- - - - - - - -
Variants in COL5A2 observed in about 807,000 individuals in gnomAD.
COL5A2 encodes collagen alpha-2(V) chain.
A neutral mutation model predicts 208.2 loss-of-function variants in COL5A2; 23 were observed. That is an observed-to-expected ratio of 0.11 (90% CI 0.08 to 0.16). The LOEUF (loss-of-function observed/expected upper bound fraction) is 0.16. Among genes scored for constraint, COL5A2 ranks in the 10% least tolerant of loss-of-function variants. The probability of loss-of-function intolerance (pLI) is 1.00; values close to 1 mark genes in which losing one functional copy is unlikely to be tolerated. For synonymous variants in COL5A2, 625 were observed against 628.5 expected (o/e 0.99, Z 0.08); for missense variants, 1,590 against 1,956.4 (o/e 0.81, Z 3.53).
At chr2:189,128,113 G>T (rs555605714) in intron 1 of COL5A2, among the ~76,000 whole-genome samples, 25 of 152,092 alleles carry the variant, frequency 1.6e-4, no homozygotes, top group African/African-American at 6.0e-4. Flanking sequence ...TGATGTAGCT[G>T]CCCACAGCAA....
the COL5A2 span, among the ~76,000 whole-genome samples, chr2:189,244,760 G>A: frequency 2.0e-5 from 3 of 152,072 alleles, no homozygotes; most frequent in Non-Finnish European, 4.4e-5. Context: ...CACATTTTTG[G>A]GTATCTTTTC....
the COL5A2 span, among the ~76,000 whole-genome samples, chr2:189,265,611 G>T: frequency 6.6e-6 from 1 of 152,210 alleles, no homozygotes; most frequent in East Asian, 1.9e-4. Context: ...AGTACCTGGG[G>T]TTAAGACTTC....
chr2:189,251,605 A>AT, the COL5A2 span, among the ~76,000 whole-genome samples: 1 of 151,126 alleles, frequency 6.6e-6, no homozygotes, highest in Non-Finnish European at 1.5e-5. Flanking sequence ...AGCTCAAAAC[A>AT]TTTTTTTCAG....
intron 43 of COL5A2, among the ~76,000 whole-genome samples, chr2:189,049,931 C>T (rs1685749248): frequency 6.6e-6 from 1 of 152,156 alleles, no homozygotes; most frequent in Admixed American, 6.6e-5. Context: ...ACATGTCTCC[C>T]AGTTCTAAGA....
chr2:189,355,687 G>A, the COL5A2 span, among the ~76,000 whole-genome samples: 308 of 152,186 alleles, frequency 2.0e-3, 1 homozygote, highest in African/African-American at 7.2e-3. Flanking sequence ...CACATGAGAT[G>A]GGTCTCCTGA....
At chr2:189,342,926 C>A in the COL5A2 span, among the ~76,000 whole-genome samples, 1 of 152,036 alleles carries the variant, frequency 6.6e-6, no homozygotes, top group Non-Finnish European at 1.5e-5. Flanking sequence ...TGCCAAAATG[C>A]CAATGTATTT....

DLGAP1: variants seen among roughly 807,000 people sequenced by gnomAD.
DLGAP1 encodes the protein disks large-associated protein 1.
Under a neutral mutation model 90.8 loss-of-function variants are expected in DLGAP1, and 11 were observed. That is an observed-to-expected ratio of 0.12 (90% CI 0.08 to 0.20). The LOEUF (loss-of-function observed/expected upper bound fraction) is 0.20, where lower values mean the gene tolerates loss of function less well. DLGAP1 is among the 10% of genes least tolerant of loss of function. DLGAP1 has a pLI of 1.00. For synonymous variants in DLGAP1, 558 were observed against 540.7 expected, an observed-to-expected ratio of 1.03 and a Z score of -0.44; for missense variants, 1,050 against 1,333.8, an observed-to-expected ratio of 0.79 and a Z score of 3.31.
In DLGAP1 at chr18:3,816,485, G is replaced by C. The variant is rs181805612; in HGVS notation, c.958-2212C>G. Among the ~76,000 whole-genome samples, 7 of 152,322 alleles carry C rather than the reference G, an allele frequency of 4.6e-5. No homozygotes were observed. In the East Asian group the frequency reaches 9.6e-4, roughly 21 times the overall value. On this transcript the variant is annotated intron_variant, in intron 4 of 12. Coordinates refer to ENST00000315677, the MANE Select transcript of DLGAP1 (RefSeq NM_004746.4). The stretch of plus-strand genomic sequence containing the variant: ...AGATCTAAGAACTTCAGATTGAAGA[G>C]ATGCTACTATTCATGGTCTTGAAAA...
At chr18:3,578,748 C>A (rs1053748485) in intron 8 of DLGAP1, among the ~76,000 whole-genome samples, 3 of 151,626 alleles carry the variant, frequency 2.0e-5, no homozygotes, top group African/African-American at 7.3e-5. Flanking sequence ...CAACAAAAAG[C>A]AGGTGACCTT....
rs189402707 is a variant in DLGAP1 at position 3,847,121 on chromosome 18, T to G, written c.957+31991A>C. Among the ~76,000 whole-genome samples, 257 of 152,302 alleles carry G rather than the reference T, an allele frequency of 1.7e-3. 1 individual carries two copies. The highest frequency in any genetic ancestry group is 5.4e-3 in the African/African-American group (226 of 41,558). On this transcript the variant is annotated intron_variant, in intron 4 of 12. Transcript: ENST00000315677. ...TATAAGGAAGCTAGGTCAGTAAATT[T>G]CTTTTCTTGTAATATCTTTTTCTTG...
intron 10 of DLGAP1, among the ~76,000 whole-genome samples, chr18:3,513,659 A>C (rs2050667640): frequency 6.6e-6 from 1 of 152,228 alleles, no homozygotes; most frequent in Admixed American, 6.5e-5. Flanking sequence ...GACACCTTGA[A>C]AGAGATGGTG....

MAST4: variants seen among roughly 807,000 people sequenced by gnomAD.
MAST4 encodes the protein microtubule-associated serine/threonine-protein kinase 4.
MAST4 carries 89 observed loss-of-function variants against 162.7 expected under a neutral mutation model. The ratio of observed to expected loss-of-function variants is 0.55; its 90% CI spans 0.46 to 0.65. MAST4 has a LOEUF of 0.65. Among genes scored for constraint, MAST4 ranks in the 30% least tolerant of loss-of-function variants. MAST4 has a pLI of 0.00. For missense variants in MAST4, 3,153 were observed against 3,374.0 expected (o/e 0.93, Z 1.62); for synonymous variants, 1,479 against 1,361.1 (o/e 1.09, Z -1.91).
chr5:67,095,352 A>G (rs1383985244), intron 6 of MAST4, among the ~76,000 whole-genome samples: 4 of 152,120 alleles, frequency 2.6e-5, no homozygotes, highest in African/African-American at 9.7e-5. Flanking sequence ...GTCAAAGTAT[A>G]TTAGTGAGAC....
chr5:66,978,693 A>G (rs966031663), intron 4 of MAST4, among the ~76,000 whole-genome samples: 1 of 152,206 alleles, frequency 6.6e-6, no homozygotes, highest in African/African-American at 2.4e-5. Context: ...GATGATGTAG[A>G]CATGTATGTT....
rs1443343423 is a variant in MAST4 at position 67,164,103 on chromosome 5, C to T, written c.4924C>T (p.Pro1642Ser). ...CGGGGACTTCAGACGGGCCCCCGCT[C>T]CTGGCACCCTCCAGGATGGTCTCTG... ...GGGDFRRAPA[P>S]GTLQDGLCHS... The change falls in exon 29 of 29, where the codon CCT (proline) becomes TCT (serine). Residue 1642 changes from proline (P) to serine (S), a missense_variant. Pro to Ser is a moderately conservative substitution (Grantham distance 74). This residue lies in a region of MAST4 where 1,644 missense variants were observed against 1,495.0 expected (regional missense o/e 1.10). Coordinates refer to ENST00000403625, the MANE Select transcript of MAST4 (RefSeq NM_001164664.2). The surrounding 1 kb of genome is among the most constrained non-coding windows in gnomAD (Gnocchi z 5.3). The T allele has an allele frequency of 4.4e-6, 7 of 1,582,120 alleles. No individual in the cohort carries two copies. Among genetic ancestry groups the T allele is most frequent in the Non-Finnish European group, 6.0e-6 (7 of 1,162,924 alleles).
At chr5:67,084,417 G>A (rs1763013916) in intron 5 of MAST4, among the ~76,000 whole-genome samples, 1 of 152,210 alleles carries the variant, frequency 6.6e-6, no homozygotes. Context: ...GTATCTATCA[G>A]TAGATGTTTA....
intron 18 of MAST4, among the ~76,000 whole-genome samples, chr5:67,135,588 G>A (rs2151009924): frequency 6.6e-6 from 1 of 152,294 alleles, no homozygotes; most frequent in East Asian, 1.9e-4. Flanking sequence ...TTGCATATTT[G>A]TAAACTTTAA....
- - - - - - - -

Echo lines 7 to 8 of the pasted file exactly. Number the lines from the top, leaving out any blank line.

chr2:189,251,605 A>AT, the COL5A2 span, among the ~76,000 whole-genome samples: 1 of 151,126 alleles, frequency 6.6e-6, no homozygotes, highest in Non-Finnish European at 1.5e-5. Flanking sequence ...AGCTCAAAAC[A>AT]TTTTTTTCAG....
intron 43 of COL5A2, among the ~76,000 whole-genome samples, chr2:189,049,931 C>T (rs1685749248): frequency 6.6e-6 from 1 of 152,156 alleles, no homozygotes; most frequent in Admixed American, 6.6e-5. Context: ...ACATGTCTCC[C>T]AGTTCTAAGA....